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  • image The anesthetic goals for laryngeal endoscopy include profound muscle paralysis to provide masseter muscle relaxation for introduction of the suspension laryngoscope and an immobile surgical field, adequate oxygenation and ventilation during surgical manipulation of the airway, and cardiovascular stability during periods of rapidly varying surgical stimulation.
  • image During jet ventilation, it is crucial to monitor chest wall motion and to allow sufficient time for exhalation in order to avoid air trapping and barotrauma.
  • image The greatest concern during laser airway surgery is an endotracheal tube fire. This risk can be minimized by using a technique of ventilation that does not involve a flammable tube or catheter (eg, intermittent apnea or jet ventilation through the laryngoscope side port), or by using a laser-resistant endotracheal tube and lowering the fraction of inspired oxygen (ideally, as close to 21% as possible, consistent with adequate tissue oxygenation, as monitored by pulse oximetry) and not using nitrous oxide.
  • image Techniques to minimize intraoperative blood loss include the use of cocaine or an epinephrine-containing local anesthetic for vasoconstriction, maintaining a slightly head-up position, and providing a mild degree of controlled hypotension.
  • image As always, if there is serious preoperative concern regarding potential airway problems, an intravenous induction may be avoided in favor of awake direct or fiberoptic laryngoscopy (cooperative patient) or an inhalational induction while maintaining spontaneous ventilation (uncooperative patient). In any case, the appropriate equipment and qualified personnel required for an emergency tracheostomy must be immediately available.
  • image The surgeon may request the omission of neuromuscular blockers during neck dissection or parotidectomy to identify nerves (eg, spinal accessory, facial nerves) by direct stimulation and to preserve them.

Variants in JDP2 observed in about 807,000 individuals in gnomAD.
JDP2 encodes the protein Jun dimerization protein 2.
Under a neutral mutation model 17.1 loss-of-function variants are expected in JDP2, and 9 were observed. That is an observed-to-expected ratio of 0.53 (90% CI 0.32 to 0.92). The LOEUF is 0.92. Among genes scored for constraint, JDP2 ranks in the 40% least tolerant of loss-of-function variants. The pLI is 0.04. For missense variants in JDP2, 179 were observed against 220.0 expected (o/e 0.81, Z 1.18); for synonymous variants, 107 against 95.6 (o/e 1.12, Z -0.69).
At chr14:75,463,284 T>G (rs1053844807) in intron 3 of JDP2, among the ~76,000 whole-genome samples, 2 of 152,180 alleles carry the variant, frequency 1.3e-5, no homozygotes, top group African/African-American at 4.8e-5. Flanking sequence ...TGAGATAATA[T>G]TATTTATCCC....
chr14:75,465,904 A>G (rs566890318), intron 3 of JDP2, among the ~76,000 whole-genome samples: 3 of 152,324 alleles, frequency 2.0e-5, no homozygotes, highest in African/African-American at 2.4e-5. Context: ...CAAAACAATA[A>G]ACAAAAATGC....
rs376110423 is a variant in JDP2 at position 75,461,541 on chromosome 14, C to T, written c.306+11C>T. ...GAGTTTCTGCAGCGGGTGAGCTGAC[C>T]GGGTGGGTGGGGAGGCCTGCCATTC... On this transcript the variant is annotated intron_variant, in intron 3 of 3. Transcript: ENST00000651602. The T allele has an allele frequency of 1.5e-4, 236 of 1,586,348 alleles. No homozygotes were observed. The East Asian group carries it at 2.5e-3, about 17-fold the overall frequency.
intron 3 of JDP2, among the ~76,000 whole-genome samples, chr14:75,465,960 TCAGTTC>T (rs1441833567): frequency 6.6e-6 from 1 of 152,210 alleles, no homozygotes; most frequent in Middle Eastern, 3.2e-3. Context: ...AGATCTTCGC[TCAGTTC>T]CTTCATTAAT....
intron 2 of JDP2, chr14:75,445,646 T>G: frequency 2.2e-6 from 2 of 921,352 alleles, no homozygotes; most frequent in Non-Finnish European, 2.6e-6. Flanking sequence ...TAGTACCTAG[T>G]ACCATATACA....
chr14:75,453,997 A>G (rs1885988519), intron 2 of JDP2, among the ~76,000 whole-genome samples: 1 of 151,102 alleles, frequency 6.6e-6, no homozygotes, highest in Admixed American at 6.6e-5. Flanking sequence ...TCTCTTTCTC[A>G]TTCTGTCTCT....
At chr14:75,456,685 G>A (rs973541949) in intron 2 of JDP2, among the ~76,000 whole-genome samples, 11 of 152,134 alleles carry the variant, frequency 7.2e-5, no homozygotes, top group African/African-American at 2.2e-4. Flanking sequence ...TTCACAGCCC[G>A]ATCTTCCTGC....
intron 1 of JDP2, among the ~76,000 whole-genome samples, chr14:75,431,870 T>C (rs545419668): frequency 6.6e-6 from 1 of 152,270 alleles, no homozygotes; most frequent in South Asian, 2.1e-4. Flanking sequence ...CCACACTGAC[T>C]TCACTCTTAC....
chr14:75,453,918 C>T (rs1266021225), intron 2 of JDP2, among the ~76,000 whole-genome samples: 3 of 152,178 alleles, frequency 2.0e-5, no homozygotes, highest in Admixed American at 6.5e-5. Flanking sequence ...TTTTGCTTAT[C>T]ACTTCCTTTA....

• image Manipulation of the carotid sinus and stellate ganglion during radical neck dissection (the right side more than the left) has been associated with wide swings in blood pressure, bradycardia, dysrhythmias, sinus arrest, and prolonged QT intervals. Infiltration of the carotid sheath with local anesthetic will usually ameliorate these problems. Bilateral neck dissection may result in postoperative hypertension and loss of hypoxic drive because of denervation of the carotid sinuses and bodies.
  • image Patients undergoing maxillofacial reconstruction or orthognathic surgical procedures often pose the greatest airway challenges to the anesthesiologist. If there are any anticipated signs of problems with mask ventilation or tracheal intubation, the airway should be secured prior to induction of general anesthesia.
  • image If there is a chance of postoperative edema involving structures that could obstruct the airway (eg, tongue), the patient should be carefully observed and perhaps should be left intubated.
  • image Nitrous oxide is either entirely avoided during tympanoplasty or discontinued prior to graft placement.

Anesthesia for Otorhinolaryngologic Surgery: Introduction

In few other circumstances are cooperation and communication between surgeon and anesthesiologist more important than during airway surgery. Establishing, maintaining, and protecting an airway in the face of abnormal anatomy and simultaneous surgical intervention are demanding tasks. An understanding of airway anatomy (see Chapter 19) and an appreciation of common otorhinolaryngologic and maxillofacial procedures are invaluable in handling these anesthetic challenges.


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